Is segregating a school by sex necessarily discriminatory? X School v Chief Inspector

X School is a voluntary aided faith school for boys and girls aged between 4 and 16. It has an Islamic ethos and for religious reasons believes that it is mandatory to separate boys and girls at a certain point in their development: segregation is applied to children who have passed their 9th birthday by 1 September in the relevant academic year [7].

In The Interim Executive Board of X School v Chief Inspector of Education, Children’s Services And Skills [2016] EWHC 2813 (Admin) the issue before the Court was whether or not the school was discriminating unlawfully against its male and/or female pupils by making “parallel arrangements” for their education in the same building (the Claimant’s description of the school’s policy) or by applying a regime of “complete segregation” for all lessons, breaks, school clubs and trips (the Defendant’s version).There was no evidence that either girls or boys were treated unequally in terms of the quality of the education that they received: the issue was the proper construction and application of the relevant provisions of the Equality Act 2010 [1].

X School is not the only Islamic school that operates that policy but the majority does not. Jay J noted that a number of Jewish schools with a particular Orthodox ethos do the same (though, again, majority of Orthodox schools does not) and “From brief internet research I have gathered that a number of Christian faith schools have similar practices” [11]. An inspection report had concluded that the policy of segregation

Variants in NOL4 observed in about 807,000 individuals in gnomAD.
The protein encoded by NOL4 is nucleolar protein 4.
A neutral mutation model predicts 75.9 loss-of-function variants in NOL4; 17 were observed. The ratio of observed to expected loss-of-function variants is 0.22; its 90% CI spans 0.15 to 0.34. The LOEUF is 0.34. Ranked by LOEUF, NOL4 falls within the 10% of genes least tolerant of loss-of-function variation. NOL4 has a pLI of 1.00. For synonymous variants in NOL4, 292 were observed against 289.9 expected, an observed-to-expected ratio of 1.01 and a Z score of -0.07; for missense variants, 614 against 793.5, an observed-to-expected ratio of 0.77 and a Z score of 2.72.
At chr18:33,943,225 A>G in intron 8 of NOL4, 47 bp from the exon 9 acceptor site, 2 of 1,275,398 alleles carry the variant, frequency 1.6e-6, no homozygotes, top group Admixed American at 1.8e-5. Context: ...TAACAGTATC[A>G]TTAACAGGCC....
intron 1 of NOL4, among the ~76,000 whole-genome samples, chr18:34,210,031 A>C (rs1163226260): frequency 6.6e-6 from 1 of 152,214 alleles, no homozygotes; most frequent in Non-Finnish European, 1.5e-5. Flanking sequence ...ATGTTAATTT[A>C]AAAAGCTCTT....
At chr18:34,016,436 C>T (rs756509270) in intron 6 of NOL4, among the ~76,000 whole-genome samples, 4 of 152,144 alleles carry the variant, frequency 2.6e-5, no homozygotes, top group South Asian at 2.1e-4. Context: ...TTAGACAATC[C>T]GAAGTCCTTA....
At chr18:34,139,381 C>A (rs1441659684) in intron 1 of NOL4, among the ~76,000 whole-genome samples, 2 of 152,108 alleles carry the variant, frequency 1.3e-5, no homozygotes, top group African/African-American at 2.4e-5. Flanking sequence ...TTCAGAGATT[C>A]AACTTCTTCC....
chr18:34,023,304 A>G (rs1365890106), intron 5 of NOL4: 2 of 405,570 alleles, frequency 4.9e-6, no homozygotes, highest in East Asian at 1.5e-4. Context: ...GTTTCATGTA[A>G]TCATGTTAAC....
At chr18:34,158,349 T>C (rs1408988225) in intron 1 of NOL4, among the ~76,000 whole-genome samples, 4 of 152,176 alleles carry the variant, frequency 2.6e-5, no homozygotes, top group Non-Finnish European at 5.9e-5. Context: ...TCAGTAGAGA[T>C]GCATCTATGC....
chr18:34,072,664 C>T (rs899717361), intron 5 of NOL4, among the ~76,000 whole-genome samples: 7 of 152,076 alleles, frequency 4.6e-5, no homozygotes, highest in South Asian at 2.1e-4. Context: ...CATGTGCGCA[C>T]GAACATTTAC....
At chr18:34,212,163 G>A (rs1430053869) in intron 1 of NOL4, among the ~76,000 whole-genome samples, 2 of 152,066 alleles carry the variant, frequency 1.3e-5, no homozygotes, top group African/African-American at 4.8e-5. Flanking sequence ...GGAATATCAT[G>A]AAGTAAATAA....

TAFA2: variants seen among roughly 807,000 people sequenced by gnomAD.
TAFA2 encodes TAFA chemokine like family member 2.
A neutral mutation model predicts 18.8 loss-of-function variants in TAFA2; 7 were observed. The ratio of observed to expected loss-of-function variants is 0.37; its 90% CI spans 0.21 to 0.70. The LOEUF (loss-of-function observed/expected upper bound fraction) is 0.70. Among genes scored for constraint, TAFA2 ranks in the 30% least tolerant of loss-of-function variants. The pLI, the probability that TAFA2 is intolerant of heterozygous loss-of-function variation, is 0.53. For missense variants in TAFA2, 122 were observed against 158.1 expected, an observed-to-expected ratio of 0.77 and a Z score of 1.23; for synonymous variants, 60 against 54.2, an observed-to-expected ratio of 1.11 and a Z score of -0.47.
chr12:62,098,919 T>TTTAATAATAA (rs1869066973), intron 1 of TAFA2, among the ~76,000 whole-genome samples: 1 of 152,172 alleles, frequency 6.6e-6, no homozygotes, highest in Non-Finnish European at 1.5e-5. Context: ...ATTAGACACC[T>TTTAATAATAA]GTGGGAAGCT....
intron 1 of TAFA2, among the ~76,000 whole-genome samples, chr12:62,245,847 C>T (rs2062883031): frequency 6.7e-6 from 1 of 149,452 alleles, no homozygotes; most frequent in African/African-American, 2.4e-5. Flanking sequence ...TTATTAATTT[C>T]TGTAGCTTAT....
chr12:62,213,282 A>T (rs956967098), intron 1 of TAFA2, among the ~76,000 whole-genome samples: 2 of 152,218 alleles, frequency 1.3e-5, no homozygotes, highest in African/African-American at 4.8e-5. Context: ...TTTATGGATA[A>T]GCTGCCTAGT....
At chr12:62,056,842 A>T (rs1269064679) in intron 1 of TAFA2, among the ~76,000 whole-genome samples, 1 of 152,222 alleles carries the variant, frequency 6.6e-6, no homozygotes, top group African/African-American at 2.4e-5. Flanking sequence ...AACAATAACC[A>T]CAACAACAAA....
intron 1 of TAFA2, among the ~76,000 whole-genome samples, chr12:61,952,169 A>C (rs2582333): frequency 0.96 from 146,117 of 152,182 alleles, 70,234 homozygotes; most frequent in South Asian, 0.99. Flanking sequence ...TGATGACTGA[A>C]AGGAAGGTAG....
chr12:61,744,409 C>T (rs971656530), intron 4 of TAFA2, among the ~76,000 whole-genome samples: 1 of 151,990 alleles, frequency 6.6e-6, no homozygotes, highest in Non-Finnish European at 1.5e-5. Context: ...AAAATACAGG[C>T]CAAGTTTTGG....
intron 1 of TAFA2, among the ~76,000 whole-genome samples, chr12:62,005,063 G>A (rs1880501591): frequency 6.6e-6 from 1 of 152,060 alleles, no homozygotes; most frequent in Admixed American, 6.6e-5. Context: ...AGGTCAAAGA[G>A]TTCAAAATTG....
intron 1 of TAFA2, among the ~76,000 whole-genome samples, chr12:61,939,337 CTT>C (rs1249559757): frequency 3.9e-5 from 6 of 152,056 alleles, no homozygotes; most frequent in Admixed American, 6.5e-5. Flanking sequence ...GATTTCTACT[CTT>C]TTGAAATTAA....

“does not give due regard to the need to foster good relations between the genders, and means that girls do not have equal opportunities to develop confident relationships with boys and vice versa. This is contrary to fundamental British values and the EqA 2010 and ought to have been picked up on the previous inspection” [50]

On the issue of discrimination by segregating the sexes, Jay J said that he was “obliged to pose and answer this question: is one sex being treated less favourably than the other?” [122]. The Defendant’s case appeared to be founded on the proposition that segregation meant that both the boys and the girls were being discriminated against: “there is equal or mirrored discrimination, and the two treatments cannot, as it were, cancel out the other…” [123]. The situation as Jay J saw it was that: